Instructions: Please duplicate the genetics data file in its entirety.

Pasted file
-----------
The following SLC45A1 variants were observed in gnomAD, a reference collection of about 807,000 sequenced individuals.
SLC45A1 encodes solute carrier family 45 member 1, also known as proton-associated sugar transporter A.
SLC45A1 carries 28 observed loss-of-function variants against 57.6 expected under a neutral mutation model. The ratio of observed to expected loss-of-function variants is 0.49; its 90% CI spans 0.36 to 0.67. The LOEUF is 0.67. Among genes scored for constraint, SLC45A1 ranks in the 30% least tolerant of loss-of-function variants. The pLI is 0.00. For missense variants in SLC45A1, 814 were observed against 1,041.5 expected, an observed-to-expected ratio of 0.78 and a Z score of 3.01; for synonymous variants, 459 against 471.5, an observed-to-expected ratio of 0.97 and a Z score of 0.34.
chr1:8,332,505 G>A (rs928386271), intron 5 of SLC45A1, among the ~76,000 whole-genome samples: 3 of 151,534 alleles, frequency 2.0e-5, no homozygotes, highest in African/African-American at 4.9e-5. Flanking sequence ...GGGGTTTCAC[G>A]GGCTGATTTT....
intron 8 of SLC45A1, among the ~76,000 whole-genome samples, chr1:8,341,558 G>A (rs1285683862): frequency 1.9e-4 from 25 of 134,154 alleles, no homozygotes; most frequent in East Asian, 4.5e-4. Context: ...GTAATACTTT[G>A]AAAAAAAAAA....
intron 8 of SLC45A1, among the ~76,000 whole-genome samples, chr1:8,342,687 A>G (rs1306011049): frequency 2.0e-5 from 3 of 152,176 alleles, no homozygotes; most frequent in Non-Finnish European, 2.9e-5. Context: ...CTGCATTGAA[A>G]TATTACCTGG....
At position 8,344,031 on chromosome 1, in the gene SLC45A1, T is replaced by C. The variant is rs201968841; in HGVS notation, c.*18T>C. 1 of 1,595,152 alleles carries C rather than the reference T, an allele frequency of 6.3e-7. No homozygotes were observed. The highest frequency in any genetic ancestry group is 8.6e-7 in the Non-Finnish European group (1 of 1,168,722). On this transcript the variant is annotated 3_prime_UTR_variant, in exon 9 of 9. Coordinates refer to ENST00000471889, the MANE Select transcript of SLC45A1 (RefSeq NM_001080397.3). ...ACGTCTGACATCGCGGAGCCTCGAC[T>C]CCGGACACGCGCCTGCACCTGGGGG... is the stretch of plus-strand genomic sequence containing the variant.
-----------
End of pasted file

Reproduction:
The following SLC45A1 variants were observed in gnomAD, a reference collection of about 807,000 sequenced individuals.
SLC45A1 encodes solute carrier family 45 member 1, also known as proton-associated sugar transporter A.
SLC45A1 carries 28 observed loss-of-function variants against 57.6 expected under a neutral mutation model. The ratio of observed to expected loss-of-function variants is 0.49; its 90% CI spans 0.36 to 0.67. The LOEUF is 0.67. Among genes scored for constraint, SLC45A1 ranks in the 30% least tolerant of loss-of-function variants. The pLI is 0.00. For missense variants in SLC45A1, 814 were observed against 1,041.5 expected, an observed-to-expected ratio of 0.78 and a Z score of 3.01; for synonymous variants, 459 against 471.5, an observed-to-expected ratio of 0.97 and a Z score of 0.34.
chr1:8,332,505 G>A (rs928386271), intron 5 of SLC45A1, among the ~76,000 whole-genome samples: 3 of 151,534 alleles, frequency 2.0e-5, no homozygotes, highest in African/African-American at 4.9e-5. Flanking sequence ...GGGGTTTCAC[G>A]GGCTGATTTT....
intron 8 of SLC45A1, among the ~76,000 whole-genome samples, chr1:8,341,558 G>A (rs1285683862): frequency 1.9e-4 from 25 of 134,154 alleles, no homozygotes; most frequent in East Asian, 4.5e-4. Context: ...GTAATACTTT[G>A]AAAAAAAAAA....
intron 8 of SLC45A1, among the ~76,000 whole-genome samples, chr1:8,342,687 A>G (rs1306011049): frequency 2.0e-5 from 3 of 152,176 alleles, no homozygotes; most frequent in Non-Finnish European, 2.9e-5. Context: ...CTGCATTGAA[A>G]TATTACCTGG....
At position 8,344,031 on chromosome 1, in the gene SLC45A1, T is replaced by C. The variant is rs201968841; in HGVS notation, c.*18T>C. 1 of 1,595,152 alleles carries C rather than the reference T, an allele frequency of 6.3e-7. No homozygotes were observed. The highest frequency in any genetic ancestry group is 8.6e-7 in the Non-Finnish European group (1 of 1,168,722). On this transcript the variant is annotated 3_prime_UTR_variant, in exon 9 of 9. Coordinates refer to ENST00000471889, the MANE Select transcript of SLC45A1 (RefSeq NM_001080397.3). ...ACGTCTGACATCGCGGAGCCTCGAC[T>C]CCGGACACGCGCCTGCACCTGGGGG... is the stretch of plus-strand genomic sequence containing the variant.